The introduction of the domestic reverse charge for construction services was originally meant to be introduced in Octoerb 2019 but was put back to October 2020 after the construction industry persuaded the government that, amid Brexit uncertainty, it was not ready for the cashflow hit that the reform brings with it.
In the wake of the Covid-19 crisis, construction industry concerns about the imminent change were heightened again and the Construction Leadership Council and several trade associations pushed for another year’s delay.
The Treasury has not conceded, at least partially, putting it back five months to 1st March 2021.
There will also be an amendment to the original legislation, which was laid in April 2019, to make it a requirement that for businesses to be excluded from the reverse charge because they are end users or intermediary suppliers, they must inform their sub-contractors in writing that they are end users or intermediary suppliers.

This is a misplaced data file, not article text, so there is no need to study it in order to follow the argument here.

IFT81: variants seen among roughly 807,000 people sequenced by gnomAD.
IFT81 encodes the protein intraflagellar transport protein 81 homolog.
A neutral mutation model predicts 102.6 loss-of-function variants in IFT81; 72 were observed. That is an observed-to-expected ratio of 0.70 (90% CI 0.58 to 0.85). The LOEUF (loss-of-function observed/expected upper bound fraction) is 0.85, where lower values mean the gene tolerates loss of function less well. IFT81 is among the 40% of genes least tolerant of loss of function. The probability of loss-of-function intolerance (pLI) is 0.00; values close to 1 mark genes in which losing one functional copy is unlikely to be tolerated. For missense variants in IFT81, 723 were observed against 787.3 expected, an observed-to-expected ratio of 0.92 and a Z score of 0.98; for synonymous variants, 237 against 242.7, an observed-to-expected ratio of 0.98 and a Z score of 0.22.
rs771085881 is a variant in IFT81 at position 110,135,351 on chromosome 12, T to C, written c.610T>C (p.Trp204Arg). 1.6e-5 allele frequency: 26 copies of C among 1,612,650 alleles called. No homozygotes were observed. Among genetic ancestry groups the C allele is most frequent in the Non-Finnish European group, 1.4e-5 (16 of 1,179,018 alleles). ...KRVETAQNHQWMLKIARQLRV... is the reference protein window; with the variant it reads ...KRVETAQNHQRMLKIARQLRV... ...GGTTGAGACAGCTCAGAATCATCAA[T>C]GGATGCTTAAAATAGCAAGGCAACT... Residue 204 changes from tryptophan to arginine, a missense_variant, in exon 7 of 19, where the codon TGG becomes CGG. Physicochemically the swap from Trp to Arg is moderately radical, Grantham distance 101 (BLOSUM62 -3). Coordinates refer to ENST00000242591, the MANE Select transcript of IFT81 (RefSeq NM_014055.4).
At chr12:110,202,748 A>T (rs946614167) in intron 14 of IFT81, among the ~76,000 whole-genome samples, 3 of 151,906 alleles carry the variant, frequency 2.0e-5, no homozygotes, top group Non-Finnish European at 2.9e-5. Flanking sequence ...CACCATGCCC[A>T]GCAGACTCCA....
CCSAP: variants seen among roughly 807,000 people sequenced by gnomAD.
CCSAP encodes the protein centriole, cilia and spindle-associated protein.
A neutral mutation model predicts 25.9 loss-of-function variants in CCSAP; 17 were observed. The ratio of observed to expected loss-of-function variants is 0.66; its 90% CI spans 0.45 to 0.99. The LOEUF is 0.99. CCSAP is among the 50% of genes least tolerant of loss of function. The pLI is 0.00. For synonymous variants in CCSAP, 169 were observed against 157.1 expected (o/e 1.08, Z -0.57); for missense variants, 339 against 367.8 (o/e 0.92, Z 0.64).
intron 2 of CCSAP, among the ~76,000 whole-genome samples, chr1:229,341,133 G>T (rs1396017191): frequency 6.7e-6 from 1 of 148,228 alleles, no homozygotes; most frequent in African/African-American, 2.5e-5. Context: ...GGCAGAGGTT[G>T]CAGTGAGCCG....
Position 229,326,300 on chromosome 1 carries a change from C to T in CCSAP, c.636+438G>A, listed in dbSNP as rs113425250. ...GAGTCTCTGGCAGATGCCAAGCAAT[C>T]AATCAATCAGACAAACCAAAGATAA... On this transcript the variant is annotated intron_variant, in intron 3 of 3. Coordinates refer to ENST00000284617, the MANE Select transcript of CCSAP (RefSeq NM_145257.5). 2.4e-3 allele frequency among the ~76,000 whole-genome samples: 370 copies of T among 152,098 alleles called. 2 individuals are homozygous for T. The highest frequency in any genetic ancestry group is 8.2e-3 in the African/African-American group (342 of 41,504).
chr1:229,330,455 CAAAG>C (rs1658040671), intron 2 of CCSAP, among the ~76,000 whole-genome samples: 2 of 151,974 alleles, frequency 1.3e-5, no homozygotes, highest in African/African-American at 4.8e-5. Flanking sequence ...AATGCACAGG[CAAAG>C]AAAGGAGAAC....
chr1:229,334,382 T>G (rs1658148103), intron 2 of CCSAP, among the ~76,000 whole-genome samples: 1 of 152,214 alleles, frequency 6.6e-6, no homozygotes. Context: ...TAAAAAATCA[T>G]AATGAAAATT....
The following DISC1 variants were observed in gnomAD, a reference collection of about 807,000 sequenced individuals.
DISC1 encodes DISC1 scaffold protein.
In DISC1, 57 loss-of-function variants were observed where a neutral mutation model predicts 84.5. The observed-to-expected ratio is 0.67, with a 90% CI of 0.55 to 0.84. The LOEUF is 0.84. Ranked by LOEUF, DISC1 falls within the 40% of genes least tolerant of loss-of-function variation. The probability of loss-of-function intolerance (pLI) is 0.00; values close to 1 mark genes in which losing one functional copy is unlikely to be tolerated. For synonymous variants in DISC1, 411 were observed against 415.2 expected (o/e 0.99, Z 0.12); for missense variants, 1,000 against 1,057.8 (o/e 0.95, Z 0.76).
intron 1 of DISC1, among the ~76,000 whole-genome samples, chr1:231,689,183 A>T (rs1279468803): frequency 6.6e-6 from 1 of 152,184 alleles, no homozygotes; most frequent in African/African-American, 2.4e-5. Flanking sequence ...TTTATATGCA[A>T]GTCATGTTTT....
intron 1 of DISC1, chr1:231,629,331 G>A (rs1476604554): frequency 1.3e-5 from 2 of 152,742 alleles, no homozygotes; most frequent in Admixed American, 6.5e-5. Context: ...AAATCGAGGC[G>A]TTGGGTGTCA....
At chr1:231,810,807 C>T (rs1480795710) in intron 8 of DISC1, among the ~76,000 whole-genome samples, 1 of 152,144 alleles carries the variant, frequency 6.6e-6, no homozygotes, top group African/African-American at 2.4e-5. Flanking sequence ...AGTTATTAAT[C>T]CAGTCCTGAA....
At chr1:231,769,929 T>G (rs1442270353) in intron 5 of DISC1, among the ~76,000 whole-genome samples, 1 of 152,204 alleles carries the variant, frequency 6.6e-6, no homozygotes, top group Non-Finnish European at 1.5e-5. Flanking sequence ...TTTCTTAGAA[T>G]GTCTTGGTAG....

A domestic reverse charge means the UK customer who gets supplies of construction services must account for the VAT due on these supplies on their VAT return, rather than the UK supplier. The motive for the Treasury is to remove the scope for fraudsters to steal the VAT due to HMRC.
A technical consultation on the draft legislation and its impact took place in summer 2018 and the final legislation and guidance were published in November 2018. However, awareness of the changes remains low across the construction sector. A cross-industry survey in February 2020 received more than 1,000 responses and found that 39% still did not know about the impending introduction of reverse charge VAT, where customers will pay VAT directly to HM Revenue & Customs instead of to the service supplier. And 46% of survey respondents said that their accountancy software was not ready for the change.